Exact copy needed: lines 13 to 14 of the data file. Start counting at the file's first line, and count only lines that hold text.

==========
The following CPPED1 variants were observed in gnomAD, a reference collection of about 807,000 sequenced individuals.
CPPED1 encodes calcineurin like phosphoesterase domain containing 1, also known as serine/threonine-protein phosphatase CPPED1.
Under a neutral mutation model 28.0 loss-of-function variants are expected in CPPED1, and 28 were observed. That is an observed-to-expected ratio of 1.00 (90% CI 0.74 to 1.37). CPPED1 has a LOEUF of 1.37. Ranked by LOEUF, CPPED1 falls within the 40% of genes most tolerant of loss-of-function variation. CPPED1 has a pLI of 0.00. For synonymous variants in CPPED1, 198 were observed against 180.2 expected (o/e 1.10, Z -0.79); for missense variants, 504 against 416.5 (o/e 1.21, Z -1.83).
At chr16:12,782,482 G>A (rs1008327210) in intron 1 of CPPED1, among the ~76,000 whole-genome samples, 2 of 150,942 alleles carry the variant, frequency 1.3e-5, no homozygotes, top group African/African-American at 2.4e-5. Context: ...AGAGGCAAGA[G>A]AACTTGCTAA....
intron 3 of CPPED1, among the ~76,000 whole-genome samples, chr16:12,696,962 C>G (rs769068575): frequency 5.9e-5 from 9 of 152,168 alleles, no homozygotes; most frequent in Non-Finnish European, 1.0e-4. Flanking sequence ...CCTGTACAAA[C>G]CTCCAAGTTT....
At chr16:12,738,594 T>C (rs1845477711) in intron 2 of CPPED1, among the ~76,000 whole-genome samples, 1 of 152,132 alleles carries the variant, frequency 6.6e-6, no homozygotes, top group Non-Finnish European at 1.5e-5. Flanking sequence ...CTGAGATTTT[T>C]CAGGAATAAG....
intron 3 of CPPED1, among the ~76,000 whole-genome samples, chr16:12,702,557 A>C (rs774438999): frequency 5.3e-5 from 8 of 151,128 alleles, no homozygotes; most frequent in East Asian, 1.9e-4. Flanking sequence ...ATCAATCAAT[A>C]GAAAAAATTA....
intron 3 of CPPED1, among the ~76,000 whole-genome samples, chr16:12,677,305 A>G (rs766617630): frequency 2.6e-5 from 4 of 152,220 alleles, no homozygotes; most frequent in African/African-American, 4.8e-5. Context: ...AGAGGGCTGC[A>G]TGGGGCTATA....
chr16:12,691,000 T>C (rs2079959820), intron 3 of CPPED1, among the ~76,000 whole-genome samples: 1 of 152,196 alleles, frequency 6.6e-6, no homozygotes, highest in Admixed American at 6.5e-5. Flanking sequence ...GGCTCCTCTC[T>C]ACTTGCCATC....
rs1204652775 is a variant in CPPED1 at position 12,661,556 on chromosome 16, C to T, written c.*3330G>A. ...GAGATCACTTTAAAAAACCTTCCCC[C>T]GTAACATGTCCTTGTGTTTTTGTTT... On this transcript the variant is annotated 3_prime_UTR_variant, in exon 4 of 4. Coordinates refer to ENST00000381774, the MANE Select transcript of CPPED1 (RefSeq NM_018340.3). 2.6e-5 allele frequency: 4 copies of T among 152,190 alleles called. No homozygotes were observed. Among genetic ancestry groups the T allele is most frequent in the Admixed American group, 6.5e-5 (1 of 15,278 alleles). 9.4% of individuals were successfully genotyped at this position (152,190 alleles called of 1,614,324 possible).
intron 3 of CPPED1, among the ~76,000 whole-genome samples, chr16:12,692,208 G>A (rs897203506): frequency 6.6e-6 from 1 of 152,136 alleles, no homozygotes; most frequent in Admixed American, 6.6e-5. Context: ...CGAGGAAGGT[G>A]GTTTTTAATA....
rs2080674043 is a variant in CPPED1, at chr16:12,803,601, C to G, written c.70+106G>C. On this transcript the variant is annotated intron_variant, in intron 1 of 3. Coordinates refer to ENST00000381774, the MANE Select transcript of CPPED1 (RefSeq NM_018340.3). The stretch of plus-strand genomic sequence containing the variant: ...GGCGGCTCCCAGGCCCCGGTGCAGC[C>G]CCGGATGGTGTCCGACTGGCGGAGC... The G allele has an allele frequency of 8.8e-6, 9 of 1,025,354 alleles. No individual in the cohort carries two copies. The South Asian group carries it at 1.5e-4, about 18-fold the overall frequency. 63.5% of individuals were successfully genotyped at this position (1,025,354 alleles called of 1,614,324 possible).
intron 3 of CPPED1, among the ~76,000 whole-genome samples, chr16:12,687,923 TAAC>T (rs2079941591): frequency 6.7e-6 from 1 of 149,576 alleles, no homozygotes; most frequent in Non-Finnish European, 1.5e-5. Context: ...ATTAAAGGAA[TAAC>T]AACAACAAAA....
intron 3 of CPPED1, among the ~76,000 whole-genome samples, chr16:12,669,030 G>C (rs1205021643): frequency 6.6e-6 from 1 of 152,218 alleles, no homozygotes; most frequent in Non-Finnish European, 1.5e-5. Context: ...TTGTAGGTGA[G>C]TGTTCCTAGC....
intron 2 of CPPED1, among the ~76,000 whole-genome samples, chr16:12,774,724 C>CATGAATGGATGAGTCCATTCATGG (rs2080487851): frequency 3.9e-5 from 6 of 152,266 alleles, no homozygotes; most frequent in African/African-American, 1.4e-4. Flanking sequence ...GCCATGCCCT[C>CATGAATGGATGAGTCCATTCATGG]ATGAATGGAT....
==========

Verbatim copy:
intron 3 of CPPED1, among the ~76,000 whole-genome samples, chr16:12,687,923 TAAC>T (rs2079941591): frequency 6.7e-6 from 1 of 149,576 alleles, no homozygotes; most frequent in Non-Finnish European, 1.5e-5. Context: ...ATTAAAGGAA[TAAC>T]AACAACAAAA....
intron 3 of CPPED1, among the ~76,000 whole-genome samples, chr16:12,669,030 G>C (rs1205021643): frequency 6.6e-6 from 1 of 152,218 alleles, no homozygotes; most frequent in Non-Finnish European, 1.5e-5. Context: ...TTGTAGGTGA[G>C]TGTTCCTAGC....